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http://sports.yahoo.com/sow/news;_ylc=X3oDMTBpYjk0aWtjBF9TAzk1ODYzNTkwBHNlYwN0aA--?slug=reu-worlditaly_sports_feature&prov=reuters&type=lgns

ROME, April 10 (Reuters) - When Italy open their World Cup campaign against Ghana on June 12 they won't be facing one set of adversaries but three.

First, they will have 11 Ghanaians to contend with.

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Then there is the referee and his linesmen. Almost every Italy fan blames Ecuadorean whistleblower Byron Moreno for their team's elimination by South Korea in 2002.

Finally, there is the enemy within in the shape of Italy's fifth columnists -- the sports press.

The Italian passion for sport means the country boasts three big sports dailies -- La Gazzetta dello Sport, Corriere dello Sport and Tuttosport -- each of which must fill about 30 pages every day and even more during a World Cup.

Filling the papers occasionally means upsetting somebody.

Franco Zuccala is one of Italy's most experienced football writers. The 75-year-old has covered every World Cup since 1966, worked as a TV presenter for state broadcaster RAI and written for more than 60 newspapers, including La Gazzetta dello Sport.

He says part of the problem is saturation -- the huge demand for news means journalists end up sniffing around for scandal.

"I'm more of a man than the lot of you put together. You don't have a conscience," Italy striker Christian Vieri told a packed news conference at Euro 2004, holding up a newspaper article that claimed he had fallen out with goalkeeper Gianluigi Buffon.

Zuccala also believes the tortured relationship between the scribblers and the dribblers has as much to do with fierce regional loyalties in Italy, which leads editors to set one player against another.

GEO-POLITICAL

"It's a geo-political question. In Italy the press is concentrated in Milan and Rome and editors tend to come out in support of players from their area, whether they play for Roma or Lazio or whether they play for a northern club," he says.

In this respect, Zuccala argues, Italy coach Marcello Lippi has acted shrewdly in drawing on players from around the country.

"Every coach tries to pick his best players but Lippi has chosen his squad from all over the place.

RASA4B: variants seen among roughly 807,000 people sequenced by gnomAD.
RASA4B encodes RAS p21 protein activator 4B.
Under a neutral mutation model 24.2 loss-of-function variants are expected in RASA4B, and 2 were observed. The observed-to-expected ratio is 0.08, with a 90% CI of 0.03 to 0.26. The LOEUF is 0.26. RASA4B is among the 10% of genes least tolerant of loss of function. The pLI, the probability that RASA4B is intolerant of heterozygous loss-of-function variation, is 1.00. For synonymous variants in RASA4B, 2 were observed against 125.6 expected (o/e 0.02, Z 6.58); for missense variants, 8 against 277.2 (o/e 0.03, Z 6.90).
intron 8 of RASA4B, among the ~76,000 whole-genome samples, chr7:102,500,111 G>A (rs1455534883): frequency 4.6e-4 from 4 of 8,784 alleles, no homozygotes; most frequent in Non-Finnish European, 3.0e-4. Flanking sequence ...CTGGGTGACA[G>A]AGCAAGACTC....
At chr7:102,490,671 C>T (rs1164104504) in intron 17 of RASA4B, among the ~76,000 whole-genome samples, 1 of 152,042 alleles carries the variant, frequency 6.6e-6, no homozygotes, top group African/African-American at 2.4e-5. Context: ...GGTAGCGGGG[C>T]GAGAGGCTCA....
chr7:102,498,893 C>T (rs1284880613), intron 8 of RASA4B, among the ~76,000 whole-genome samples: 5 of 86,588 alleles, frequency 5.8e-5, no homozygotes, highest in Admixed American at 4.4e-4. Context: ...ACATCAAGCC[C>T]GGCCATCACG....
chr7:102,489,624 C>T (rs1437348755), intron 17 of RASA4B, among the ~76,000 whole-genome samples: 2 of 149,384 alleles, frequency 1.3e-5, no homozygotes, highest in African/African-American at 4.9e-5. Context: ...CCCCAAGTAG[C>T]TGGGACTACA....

"There are players from up north, players from Palermo, a number from Rome, like (Francesco) Totti and (Daniele) De Rossi."

But could it not also be the case that Italians prefer their sport when it is spiced up with a dash of controversy?

Italy's most famous television football show, Il Processo di Biscardi (Biscardi's trial), is a kind of kangaroo court composed mostly of journalists.

The defendants (never present) are players, coaches, referees, club presidents, football administrators -- anyone who has failed to spot an offside, missed a sitter, fielded the "wrong" player, or fallen short of footballing perfection.

The discussion begins calmly but ends with contributors talking, and often shouting, over the top of each other.

Il Processo was first broadcast in 1980.

One of its earliest targets was then Italy coach Enzo Bearzot, who became the object of stinging criticism over his refusal to name Serie A's leading scorer at the time, Roberto Pruzzo of AS Roma, in his squad for the 1982 World Cup.

MEDIA BLACKOUT

Increasingly under fire after a poor start to the tournament, Bearzot ordered his players to stop talking to the media.

Italy went on to beat West Germany in the final, but the breakdown of communication during Italy's finest hour left a bitter taste that refuses to go fade even today.

"If you notice, you don't often see people talking about Bearzot. There is still bad blood there that has never gone away," Zuccala says.

"The heroes of that World Cup have become (Marco) Tardelli and (Paolo) Rossi. The press have shunted Bearzot to one side."

Bearzot's successors have also endured a bumpy ride.

Arrigo Sacchi was furious when the press revealed details of his salary, while Lippi's predecessor Giovanni Trapattoni was ridiculed for the vial of holy water he took to the 2002 World Cup co-hosted by South Korea and Japan.

Apart from an outburst in World Cup qualifying when he called a RAI cameraman a "********", Lippi has maintained his composure, though the pressure-cooker atmosphere of a major tournament promises to be the ultimate test of his cool, cigar-munching persona.

"He's taken us to the World Cup. He has beaten Holland and Germany. He can't do better than that," Zuccala says.

"But the arguments are bound to start when he names his team. Someone will ask why he didn't pick (Christian) Panucci from Roma, or (Massimo) Oddo from Lazio."

Then, of course, if Italy don't beat Ghana, the knives will be out.

"There's an old Sicilian saying: 'If you're badly dressed, the dog will bite you,'" Zuccala says.

"As long as he's winning, he'll be OK. As soon as Italy lose, the arguments will start up.

"You'd think the players would be able to take a bit of criticism but they're just like anyone else. To have the press constantly at your back affects you in the end".


This is the first time I hear of Lippi calling someone a ********, anyone care to ellaborate?
 
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